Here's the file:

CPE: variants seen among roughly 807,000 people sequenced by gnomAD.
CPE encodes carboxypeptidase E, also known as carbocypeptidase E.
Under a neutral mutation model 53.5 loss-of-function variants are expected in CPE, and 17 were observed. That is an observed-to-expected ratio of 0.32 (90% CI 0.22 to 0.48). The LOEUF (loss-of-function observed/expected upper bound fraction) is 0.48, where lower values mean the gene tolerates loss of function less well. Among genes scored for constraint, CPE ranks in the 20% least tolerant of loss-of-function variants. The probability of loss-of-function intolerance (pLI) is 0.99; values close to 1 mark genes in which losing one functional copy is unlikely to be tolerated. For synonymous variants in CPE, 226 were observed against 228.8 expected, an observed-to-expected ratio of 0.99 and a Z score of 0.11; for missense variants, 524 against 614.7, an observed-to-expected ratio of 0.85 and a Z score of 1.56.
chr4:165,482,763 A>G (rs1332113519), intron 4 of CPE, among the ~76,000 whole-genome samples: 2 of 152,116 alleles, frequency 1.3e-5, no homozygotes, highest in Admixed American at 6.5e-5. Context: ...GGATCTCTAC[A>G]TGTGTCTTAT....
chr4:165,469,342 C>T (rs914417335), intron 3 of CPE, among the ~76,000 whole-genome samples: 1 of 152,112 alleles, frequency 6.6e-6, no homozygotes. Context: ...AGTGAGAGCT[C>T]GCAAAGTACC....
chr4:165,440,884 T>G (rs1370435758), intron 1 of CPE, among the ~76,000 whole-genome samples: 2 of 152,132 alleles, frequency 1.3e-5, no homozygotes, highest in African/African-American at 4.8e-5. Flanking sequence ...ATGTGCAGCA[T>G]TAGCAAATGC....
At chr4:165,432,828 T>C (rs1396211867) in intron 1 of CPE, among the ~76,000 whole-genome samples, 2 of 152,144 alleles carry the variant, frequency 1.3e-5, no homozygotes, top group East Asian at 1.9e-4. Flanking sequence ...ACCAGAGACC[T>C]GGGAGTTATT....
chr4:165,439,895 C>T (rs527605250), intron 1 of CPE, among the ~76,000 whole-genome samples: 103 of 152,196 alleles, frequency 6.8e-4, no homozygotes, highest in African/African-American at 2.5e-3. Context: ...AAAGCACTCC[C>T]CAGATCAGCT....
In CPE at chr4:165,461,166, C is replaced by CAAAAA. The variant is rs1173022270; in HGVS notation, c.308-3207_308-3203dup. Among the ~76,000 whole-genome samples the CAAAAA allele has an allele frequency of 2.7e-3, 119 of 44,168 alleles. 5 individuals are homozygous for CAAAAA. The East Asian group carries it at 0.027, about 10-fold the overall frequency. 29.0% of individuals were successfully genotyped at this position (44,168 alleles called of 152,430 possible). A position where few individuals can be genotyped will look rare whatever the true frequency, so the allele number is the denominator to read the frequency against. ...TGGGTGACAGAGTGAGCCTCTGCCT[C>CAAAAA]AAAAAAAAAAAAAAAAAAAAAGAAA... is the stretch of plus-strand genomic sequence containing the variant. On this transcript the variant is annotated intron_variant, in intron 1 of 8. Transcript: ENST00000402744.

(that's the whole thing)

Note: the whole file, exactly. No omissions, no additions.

CPE: variants seen among roughly 807,000 people sequenced by gnomAD.
CPE encodes carboxypeptidase E, also known as carbocypeptidase E.
Under a neutral mutation model 53.5 loss-of-function variants are expected in CPE, and 17 were observed. That is an observed-to-expected ratio of 0.32 (90% CI 0.22 to 0.48). The LOEUF (loss-of-function observed/expected upper bound fraction) is 0.48, where lower values mean the gene tolerates loss of function less well. Among genes scored for constraint, CPE ranks in the 20% least tolerant of loss-of-function variants. The probability of loss-of-function intolerance (pLI) is 0.99; values close to 1 mark genes in which losing one functional copy is unlikely to be tolerated. For synonymous variants in CPE, 226 were observed against 228.8 expected, an observed-to-expected ratio of 0.99 and a Z score of 0.11; for missense variants, 524 against 614.7, an observed-to-expected ratio of 0.85 and a Z score of 1.56.
chr4:165,482,763 A>G (rs1332113519), intron 4 of CPE, among the ~76,000 whole-genome samples: 2 of 152,116 alleles, frequency 1.3e-5, no homozygotes, highest in Admixed American at 6.5e-5. Context: ...GGATCTCTAC[A>G]TGTGTCTTAT....
chr4:165,469,342 C>T (rs914417335), intron 3 of CPE, among the ~76,000 whole-genome samples: 1 of 152,112 alleles, frequency 6.6e-6, no homozygotes. Context: ...AGTGAGAGCT[C>T]GCAAAGTACC....
chr4:165,440,884 T>G (rs1370435758), intron 1 of CPE, among the ~76,000 whole-genome samples: 2 of 152,132 alleles, frequency 1.3e-5, no homozygotes, highest in African/African-American at 4.8e-5. Flanking sequence ...ATGTGCAGCA[T>G]TAGCAAATGC....
At chr4:165,432,828 T>C (rs1396211867) in intron 1 of CPE, among the ~76,000 whole-genome samples, 2 of 152,144 alleles carry the variant, frequency 1.3e-5, no homozygotes, top group East Asian at 1.9e-4. Flanking sequence ...ACCAGAGACC[T>C]GGGAGTTATT....
chr4:165,439,895 C>T (rs527605250), intron 1 of CPE, among the ~76,000 whole-genome samples: 103 of 152,196 alleles, frequency 6.8e-4, no homozygotes, highest in African/African-American at 2.5e-3. Context: ...AAAGCACTCC[C>T]CAGATCAGCT....
In CPE at chr4:165,461,166, C is replaced by CAAAAA. The variant is rs1173022270; in HGVS notation, c.308-3207_308-3203dup. Among the ~76,000 whole-genome samples the CAAAAA allele has an allele frequency of 2.7e-3, 119 of 44,168 alleles. 5 individuals are homozygous for CAAAAA. The East Asian group carries it at 0.027, about 10-fold the overall frequency. 29.0% of individuals were successfully genotyped at this position (44,168 alleles called of 152,430 possible). A position where few individuals can be genotyped will look rare whatever the true frequency, so the allele number is the denominator to read the frequency against. ...TGGGTGACAGAGTGAGCCTCTGCCT[C>CAAAAA]AAAAAAAAAAAAAAAAAAAAAGAAA... is the stretch of plus-strand genomic sequence containing the variant. On this transcript the variant is annotated intron_variant, in intron 1 of 8. Transcript: ENST00000402744.